Jelení (Nové Hamry)

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Jelení (Nové Hamry) (Czech Republic)
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Basic data
State : Czech RepublicCzech Republic Czech Republic
Region : Karlovarský kraj
District : Karlovy Vary
Municipality : Nové Hamry
Area : 1396,584 ha
Geographic location : 50 ° 24 '  N , 12 ° 40'  E Coordinates: 50 ° 23 '47 "  N , 12 ° 40' 8"  E
Height: 861  m nm
Residents :

Jelení ( German  Hirschenstand ) is a basic settlement unit of the municipality Nové Hamry ( Neuhammer ), which belongs to the administrative community Nejdek ( Neudek ) in the Czech Republic .


Jelení lies at an altitude of 861  m above sea level. NN in the Western Ore Mountains in the valley of the Schwarzwasserbach ( Černá Voda ). The former church village belongs to the Karlsbad District in the Karlovy Vary Region , Czech Republic . It is located on the Hirschenstander Pass , an old Erzgebirge pass .


upper district

The districts of Bura, Kronesberg, Karlberg, Fuchsseite, Peterwinkel, Steingrub, Gaglberg, Wasserstadt and Leierberg belonged to Hirschenstand.


The establishment of Hirschenstand can be traced back to mining, although nothing is known about its beginnings. Analogous to the neighboring Sauersack , one can assume that tin extraction in the form of soap began very early. Fiefdoms for the bura and the deer head are mentioned for the first time in 1556. According to a folk legend, the name of the district Bura goes back to Katharina von Bora , who is said to have stayed in a colliery in this area while passing through.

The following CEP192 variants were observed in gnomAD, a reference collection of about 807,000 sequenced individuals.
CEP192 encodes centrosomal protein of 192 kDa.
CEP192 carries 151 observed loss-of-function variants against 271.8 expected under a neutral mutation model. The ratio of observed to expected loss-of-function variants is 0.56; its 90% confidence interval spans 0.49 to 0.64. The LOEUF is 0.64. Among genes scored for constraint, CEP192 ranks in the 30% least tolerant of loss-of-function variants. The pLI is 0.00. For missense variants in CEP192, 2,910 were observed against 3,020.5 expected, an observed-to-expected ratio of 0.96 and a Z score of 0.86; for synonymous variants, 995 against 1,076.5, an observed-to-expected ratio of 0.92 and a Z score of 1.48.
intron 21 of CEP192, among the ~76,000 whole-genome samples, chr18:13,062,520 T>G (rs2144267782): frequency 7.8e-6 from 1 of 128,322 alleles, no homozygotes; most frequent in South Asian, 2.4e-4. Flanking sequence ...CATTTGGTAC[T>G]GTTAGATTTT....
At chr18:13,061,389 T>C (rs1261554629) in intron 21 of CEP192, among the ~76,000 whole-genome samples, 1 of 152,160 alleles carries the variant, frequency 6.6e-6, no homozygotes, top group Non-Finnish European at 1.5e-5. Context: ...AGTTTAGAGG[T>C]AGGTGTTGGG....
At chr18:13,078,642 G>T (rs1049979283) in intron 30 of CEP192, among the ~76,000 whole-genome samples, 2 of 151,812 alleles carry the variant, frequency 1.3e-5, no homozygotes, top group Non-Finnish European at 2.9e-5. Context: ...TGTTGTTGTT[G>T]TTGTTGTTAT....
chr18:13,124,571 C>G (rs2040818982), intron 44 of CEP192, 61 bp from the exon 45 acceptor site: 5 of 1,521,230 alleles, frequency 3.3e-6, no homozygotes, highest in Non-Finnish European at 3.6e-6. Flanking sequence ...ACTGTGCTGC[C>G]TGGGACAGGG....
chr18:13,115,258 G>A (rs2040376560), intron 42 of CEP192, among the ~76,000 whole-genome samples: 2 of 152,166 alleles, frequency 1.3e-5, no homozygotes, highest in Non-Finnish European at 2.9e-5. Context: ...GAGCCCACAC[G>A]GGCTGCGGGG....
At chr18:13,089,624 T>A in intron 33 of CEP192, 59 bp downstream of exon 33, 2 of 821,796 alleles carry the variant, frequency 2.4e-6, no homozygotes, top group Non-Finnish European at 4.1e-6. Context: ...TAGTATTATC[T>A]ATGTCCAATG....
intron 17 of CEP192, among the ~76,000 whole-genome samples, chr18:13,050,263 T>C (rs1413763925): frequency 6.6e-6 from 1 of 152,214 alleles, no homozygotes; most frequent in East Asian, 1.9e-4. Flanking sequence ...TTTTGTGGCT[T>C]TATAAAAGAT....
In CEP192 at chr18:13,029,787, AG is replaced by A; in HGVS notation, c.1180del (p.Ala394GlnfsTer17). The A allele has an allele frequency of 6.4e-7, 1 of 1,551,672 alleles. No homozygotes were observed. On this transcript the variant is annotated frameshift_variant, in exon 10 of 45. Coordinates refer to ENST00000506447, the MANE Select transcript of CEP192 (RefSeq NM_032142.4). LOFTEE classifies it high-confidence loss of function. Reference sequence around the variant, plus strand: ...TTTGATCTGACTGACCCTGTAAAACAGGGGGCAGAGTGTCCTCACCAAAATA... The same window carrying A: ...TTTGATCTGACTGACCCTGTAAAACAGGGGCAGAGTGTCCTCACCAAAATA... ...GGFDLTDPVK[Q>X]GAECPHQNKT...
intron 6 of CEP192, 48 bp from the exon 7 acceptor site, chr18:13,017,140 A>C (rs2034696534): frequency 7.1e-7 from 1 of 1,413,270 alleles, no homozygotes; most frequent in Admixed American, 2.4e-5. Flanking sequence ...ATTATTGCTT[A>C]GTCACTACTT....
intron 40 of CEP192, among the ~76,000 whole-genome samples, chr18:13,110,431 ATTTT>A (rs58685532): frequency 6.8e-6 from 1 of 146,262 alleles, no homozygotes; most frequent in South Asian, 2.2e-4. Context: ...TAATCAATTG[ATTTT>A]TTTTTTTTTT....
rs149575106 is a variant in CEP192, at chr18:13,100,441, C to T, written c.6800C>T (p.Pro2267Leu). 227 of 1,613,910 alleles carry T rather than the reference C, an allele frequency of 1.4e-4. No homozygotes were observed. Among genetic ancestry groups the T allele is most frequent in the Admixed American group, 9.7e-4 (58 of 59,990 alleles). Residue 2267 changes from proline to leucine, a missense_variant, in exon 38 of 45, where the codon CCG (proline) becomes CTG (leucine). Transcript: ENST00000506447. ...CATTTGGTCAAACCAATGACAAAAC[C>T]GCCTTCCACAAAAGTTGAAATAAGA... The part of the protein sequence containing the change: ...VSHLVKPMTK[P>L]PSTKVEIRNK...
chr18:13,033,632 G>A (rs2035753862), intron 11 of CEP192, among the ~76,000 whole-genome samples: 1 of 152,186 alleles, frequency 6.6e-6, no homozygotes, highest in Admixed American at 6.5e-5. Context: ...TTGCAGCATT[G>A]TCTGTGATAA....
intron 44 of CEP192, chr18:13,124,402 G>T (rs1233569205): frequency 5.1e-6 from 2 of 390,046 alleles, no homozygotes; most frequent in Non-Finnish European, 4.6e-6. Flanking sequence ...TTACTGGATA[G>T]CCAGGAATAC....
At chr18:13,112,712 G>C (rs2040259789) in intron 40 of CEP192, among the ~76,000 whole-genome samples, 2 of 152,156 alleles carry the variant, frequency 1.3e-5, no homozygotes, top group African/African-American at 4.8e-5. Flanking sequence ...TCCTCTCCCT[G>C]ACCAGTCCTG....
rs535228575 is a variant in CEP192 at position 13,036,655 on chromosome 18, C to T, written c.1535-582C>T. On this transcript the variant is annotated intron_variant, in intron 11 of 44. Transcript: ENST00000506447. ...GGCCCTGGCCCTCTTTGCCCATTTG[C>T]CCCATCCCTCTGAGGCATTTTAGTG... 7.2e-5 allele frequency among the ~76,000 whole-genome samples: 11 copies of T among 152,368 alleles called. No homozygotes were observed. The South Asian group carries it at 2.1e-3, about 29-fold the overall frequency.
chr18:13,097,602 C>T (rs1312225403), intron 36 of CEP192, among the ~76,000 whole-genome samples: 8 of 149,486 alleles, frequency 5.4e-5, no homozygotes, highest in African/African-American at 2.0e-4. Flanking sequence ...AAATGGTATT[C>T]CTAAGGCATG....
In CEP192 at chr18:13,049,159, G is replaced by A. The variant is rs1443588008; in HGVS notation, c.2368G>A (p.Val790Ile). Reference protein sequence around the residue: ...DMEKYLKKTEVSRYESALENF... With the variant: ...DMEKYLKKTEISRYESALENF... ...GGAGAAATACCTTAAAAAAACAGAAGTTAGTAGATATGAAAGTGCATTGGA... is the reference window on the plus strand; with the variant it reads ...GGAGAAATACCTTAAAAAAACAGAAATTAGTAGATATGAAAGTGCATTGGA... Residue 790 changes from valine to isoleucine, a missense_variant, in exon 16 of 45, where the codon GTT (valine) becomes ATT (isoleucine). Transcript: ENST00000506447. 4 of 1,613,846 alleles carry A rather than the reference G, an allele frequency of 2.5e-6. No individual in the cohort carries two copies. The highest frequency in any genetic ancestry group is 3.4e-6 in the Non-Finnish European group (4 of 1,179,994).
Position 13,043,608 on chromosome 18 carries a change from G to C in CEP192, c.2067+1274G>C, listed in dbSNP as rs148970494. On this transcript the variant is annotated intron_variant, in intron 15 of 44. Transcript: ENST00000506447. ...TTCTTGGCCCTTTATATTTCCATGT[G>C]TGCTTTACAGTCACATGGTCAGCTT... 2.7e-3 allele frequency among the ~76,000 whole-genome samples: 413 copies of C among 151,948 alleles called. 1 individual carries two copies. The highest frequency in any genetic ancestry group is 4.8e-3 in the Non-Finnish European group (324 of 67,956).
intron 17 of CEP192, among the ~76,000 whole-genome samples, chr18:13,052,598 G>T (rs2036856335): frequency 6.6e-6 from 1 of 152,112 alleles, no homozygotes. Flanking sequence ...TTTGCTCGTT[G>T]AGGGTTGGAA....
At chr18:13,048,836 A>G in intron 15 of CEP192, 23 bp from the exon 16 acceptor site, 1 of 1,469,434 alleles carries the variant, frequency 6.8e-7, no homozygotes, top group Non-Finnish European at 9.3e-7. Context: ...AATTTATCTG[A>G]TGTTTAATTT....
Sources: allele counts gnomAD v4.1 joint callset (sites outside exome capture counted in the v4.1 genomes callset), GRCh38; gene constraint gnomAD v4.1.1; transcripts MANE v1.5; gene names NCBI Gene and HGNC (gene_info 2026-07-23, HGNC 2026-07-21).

In 1570 the first deer family is mentioned in the church book Neudek. In 1620 an old Pley mine is mentioned in the Bura. In a mountain book from 1622, the Bura and the deer head are listed as mining areas. In the Kronesberg district there is also the Erbstolln of the pits belonging to Sauersack on the Kranisberg. 1624 is the name of a mountain village. In 1654 the village consisted of two properties.

One of the first settlers to live here permanently was Georg Günl, who has been on the bora since 1623. The family later moved to Platten and some of them emigrated to Johanngeorgenstadt during the Counter Reformation . From the middle of the 17th century, other families settled there, most of them from Trinksaifen and Neuhammer , the most common family names were: Fink, Fuchs, Hannawald, Kragl, Lohwasser, Ullmann, Wohner. Since around 1670 Georg Lohwasser was the first district hunter in deer stall.

At the beginning of the 19th century, mining was almost extinct. In 1805 only five miners worked in the Zinnzechen. From 1835 to 1879, mining was resumed for a short time. After the decline in mining, the residents earned their living mainly from forestry, peat cutting and homework such as embroidery and sewing. Agricultural was difficult because of the altitude.

From 1700 lace making also spread in the Hirschenstand and became the main source of income. However, it could not replace income from mining. The lace factory Anton Gottschald & Comp, founded in Hirschenstand in 1780, was important . In the 19th century the company employed lace makers from all over the surrounding area. The company headquarters were relocated from Hirschenstand to Neudek in 1846. The company's founder's headquarters were in the village.